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Economic Geography. Spatial organization and distribution of economic activity Outcome of decisions Highly uneven at all scales Technology shifts advantages. Uneven globally. U.N. Human Development Index ( life expectancy, education, income).

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Economic Geography

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Economic Geography

Spatial organization and distribution of economic activity

  • Outcome of decisions

  • Highly uneven at all scales

  • Technology shifts advantages


Uneven globally

U.N. Human Development Index

( life expectancy, education, income)


Uneven globally

Per capita GNP (Gross National Product)

( Total value spread evenly in population)


Uneven nationally

U.S. poverty (red dots)


Uneven regionally


Uneven locally(Poverty in Milwaukee, Chicago)


Economic agents

STATES/ GLOBAL INSTITUTIONS

PRIVATE SECTOR

TECHNOLOGY

LABOR


Global financial institutions

WORLD BANK

-makes loans

INTERNATIONAL MONETARY FUND (IMF)

-increases money flow

WORLD TRADE ORGANIZATION (WTO)

-sets rules of trade


Structural adjustments

1. Privatize state industries

2. Limited government social spending

3. Increase imports from Core

(product dumping)

4. Devalue currency to increase exports


Debt as % of GNP


Results of“austerity measures”

1. Government workers laid off

2. Price rises for privatized goods

(fuel, water, medicine)

3. Domestic goods overwhelmed by imports

(subsidies eliminated for domestic producers)

4. Less ability to purchase goods


South

Korea

“Debt riots”

Bolivia

Argentina

Jamaica


Free Trade Agreements

Industrialization in

Europe

  • North American Free Trade Agreement (NAFTA)

    • US + Canada + Mexico, 1994

  • Free Trade Area of the Americas (FTAA)

    • Expanded NAFTA


Zapatista revolt in Mexico

Industrialization in

Europe

  • Began in Chiapas, January 1994


Economic activities

Industrialization in

Europe

  • Primary

  • Secondary

  • Tertiary

  • Quaternary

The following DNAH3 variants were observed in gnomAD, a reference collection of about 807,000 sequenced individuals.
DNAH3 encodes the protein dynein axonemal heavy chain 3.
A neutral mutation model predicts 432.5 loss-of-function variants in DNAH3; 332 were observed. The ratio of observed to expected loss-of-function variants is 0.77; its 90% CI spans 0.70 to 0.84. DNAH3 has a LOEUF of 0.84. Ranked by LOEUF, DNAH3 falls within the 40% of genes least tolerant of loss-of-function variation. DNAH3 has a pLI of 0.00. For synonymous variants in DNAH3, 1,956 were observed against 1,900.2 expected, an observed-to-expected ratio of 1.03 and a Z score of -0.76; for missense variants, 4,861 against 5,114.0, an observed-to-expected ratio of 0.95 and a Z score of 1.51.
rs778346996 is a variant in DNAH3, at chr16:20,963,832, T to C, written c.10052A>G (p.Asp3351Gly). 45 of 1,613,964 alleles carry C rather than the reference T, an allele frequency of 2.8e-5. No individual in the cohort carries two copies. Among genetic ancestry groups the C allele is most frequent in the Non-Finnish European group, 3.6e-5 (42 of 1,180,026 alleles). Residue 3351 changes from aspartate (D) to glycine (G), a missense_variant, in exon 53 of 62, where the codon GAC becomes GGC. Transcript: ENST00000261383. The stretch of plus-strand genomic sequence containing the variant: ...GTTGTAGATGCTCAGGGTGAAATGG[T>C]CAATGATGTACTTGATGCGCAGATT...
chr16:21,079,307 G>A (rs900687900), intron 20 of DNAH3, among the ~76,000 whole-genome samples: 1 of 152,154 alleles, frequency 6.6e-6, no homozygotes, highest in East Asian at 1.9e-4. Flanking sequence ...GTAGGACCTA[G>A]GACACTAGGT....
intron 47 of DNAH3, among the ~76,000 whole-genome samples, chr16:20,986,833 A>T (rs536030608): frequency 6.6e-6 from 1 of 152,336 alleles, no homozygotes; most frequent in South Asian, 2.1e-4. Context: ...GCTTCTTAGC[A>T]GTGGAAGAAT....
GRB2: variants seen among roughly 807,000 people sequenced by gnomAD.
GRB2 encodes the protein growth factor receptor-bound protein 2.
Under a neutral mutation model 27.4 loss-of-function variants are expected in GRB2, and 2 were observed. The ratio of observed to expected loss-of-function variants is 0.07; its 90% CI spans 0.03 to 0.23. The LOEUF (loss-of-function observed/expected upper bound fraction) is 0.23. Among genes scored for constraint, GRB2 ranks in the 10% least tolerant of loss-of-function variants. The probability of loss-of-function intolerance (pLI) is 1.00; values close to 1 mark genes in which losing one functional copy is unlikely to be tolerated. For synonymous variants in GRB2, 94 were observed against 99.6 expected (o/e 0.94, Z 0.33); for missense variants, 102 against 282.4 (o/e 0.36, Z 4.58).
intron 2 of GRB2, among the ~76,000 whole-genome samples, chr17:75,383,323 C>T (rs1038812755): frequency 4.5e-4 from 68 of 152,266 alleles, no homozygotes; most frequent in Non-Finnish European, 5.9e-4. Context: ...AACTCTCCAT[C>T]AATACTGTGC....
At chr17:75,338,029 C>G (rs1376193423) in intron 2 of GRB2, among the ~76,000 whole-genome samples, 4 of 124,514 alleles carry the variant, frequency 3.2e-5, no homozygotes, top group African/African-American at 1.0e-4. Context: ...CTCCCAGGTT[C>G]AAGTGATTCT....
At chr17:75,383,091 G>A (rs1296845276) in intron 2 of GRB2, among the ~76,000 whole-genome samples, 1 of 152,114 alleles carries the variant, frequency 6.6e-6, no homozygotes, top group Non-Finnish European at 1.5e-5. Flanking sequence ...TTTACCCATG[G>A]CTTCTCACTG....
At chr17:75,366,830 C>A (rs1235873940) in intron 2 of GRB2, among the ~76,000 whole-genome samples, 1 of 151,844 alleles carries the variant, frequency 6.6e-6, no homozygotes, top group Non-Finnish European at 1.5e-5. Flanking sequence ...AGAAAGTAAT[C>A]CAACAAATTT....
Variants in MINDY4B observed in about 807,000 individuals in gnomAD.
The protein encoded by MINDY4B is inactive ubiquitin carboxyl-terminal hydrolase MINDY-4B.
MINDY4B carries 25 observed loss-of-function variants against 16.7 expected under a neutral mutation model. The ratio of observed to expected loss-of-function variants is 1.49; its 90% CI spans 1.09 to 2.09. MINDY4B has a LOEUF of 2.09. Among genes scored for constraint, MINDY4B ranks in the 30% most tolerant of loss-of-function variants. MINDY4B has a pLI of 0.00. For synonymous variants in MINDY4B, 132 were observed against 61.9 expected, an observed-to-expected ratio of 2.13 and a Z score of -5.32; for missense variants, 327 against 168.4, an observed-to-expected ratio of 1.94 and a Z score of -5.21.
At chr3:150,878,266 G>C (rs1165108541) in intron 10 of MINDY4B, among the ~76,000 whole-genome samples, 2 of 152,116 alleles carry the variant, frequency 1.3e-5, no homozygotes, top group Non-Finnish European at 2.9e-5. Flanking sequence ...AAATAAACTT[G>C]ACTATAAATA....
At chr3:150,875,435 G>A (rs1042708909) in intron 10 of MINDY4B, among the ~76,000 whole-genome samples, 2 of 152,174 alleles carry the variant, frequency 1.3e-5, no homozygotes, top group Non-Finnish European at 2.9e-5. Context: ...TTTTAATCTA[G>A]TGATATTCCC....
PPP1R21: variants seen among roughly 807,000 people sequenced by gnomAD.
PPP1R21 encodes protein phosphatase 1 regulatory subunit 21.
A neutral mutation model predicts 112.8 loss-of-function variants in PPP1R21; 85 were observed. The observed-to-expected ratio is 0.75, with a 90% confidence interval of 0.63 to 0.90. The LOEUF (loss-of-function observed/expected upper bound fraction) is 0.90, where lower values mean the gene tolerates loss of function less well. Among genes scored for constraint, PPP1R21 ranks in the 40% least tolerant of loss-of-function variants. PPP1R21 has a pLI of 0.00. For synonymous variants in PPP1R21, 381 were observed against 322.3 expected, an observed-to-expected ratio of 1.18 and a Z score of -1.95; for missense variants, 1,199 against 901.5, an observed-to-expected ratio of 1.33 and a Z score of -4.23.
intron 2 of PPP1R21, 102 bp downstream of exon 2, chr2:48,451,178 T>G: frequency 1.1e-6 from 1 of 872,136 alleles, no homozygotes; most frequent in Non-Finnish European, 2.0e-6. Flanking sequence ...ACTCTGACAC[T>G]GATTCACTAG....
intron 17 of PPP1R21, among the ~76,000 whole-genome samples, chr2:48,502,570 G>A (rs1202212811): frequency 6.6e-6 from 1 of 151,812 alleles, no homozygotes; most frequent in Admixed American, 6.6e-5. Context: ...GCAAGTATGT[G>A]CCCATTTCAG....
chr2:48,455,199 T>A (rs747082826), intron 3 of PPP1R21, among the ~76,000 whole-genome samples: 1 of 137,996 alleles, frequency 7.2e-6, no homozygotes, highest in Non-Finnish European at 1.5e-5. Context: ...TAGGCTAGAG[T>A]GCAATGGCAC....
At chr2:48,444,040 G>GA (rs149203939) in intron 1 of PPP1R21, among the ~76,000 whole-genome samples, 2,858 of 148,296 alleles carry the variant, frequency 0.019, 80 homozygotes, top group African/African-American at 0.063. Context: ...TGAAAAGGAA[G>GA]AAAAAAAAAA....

1. Primary activities

Extracting raw materials


Primary activities


2. Secondary activities

Processing and manufacturing materials


Secondary activities


3. Tertiary activities

Sales, exchange, trading goods and services

U.S. stock exchange

Call Center in India


Off-shore financial centers


4. Quaternary activities

Processing knowledge and information


Silicon Valley Silicon Valley, California Bay Area

Silicon Valley, California


Place in Economic Geography

  • Where firms come from is important.

  • As firms expand …

    • they stitch together places

    • they create global interdependency


Principles of location

  • Raw materials

  • Labor supply and cost

  • Processing costs

  • Markets

  • Transport costs

  • Government policies

  • Human behavior


PRIMARY: Natural resources

Industrialization in

Europe


U.S.

U.K.

Geography of the Steel Industry


East Asia: Contemporary Industrial Hot Spot


Eastern Europe and Russia


Resource dependency(“Banana Republic,” “Oil state,” etc.)

Industrialization in

Europe


Silicon Valley in the Southern San Francisco Bay Area

Resource cartel(One strategy to leave the Periphery)


SECONDARY: Industry

Manufacturing

Regions of

of Western

Europe


Global economic processes

  • Spread and deepening of investment, trade and production flows

  • Agglomeration of trade and production sites

    • (e.g., free trade zones, global cities)


Agglomeration (clustering of an industry)

  • Availability of ancillary (service) industries

  • Infrastructure (fixed social capital)

  • “Forward linkages” to markets


Agglomeration diseconomies

  • Traffic, pollution, full waste dumps

  • High rent and taxes

  • Labor shortages and turmoil


AUTO INDUSTRY

1. General Motors

2. Ford

3. DaimlerChrysler

4. Toyota

5. Volkswagen

6. Honda

7. Nissan

8. Fiat

9. Peugeot

10. Renault


“American” cars?

Japanese

Nissan plant

In Tennessee

Geo Metro made in Japan, marketed by GM

Jaguar made in UK by Ford


U.S. and Japanese Owned Motor Vehicle Parts Plants